A NICE guideline on FH provides recommendations for identifying and managing the condition. However, people with raised cholesterol levels are often not recognised as potentially having FH. This study aimed to investigate whether a proactive approach to identifying possible FH in primary care improves best practice in line with NICE guidance.

What did this study do?

This pre- and post-intervention study recruited six general practices in Nottingham. GPs and practice nurses were given an hour-long educational session on identifying and assessing FH.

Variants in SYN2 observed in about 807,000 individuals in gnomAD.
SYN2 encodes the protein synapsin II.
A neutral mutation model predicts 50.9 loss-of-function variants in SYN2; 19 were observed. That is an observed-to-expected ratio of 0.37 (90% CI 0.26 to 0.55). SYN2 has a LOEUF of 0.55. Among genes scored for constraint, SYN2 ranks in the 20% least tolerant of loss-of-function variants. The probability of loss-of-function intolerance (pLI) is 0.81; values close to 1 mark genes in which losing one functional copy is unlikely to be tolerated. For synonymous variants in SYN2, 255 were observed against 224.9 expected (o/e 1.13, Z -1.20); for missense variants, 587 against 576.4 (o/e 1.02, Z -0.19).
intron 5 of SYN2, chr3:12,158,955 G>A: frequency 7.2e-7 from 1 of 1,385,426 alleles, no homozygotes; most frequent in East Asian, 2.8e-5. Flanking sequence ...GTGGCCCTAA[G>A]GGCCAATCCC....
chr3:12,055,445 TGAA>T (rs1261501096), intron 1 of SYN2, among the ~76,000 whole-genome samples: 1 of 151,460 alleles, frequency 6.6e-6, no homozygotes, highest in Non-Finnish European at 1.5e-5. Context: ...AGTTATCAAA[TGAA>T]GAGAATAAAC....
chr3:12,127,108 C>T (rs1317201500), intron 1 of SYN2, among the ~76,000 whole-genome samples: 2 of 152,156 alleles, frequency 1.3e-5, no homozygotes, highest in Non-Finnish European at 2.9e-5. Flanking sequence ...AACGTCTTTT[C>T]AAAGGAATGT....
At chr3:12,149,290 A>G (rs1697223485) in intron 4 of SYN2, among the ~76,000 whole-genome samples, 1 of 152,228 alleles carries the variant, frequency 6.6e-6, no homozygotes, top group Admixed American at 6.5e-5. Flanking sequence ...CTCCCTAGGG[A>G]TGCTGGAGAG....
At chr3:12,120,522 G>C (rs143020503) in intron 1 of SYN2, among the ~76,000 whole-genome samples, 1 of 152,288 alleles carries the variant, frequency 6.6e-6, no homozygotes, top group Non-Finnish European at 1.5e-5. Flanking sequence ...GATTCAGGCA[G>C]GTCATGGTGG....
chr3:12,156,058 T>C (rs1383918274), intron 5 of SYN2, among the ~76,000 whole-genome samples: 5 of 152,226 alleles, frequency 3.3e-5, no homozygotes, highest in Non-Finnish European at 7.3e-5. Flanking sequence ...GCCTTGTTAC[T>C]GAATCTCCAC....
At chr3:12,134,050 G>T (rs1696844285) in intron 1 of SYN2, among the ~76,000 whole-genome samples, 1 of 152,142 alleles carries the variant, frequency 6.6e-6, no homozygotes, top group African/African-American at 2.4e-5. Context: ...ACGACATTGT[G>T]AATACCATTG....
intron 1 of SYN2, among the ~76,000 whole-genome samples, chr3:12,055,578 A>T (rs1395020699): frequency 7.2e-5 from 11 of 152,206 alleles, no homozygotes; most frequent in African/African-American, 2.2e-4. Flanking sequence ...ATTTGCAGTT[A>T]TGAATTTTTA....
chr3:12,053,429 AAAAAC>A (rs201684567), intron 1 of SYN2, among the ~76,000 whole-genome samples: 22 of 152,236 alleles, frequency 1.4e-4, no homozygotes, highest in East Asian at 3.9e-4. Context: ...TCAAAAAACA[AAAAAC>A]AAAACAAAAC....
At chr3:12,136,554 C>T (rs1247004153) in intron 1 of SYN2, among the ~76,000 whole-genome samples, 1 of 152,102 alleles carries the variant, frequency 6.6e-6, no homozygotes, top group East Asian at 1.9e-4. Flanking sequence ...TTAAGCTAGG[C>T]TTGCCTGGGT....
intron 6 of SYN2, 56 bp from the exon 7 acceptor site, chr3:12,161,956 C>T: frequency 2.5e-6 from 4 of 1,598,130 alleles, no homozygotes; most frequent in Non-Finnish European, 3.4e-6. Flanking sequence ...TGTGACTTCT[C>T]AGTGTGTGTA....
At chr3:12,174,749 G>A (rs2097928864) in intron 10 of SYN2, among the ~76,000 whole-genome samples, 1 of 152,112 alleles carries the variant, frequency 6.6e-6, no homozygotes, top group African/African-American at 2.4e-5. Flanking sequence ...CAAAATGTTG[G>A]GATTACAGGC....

Electronic health records of 118 adults with a recorded total cholesterol level greater than 7.5mmol/l and no confirmed diagnosis of FH were then tagged.  Whenever their records were accessed during a consultation, the GP or nurse got a reminder message, prompting them to assess for FH. Patients who hadn’t been seen within four months were sent a letter asking them to have a lipid (blood fat) test and complete a family history questionnaire.

After the intervention, the practices were assessed for compliance with NICE guideline recommendations.

Though the study was relatively small, not randomised, and only took place over six months, the results are promising.

What did it find?

  • Thirty-two out of 118 patients (27.1%) met NICE-recommended diagnostic criteria for possible FH (see definitions tab). Two patients were confirmed to have definite FH.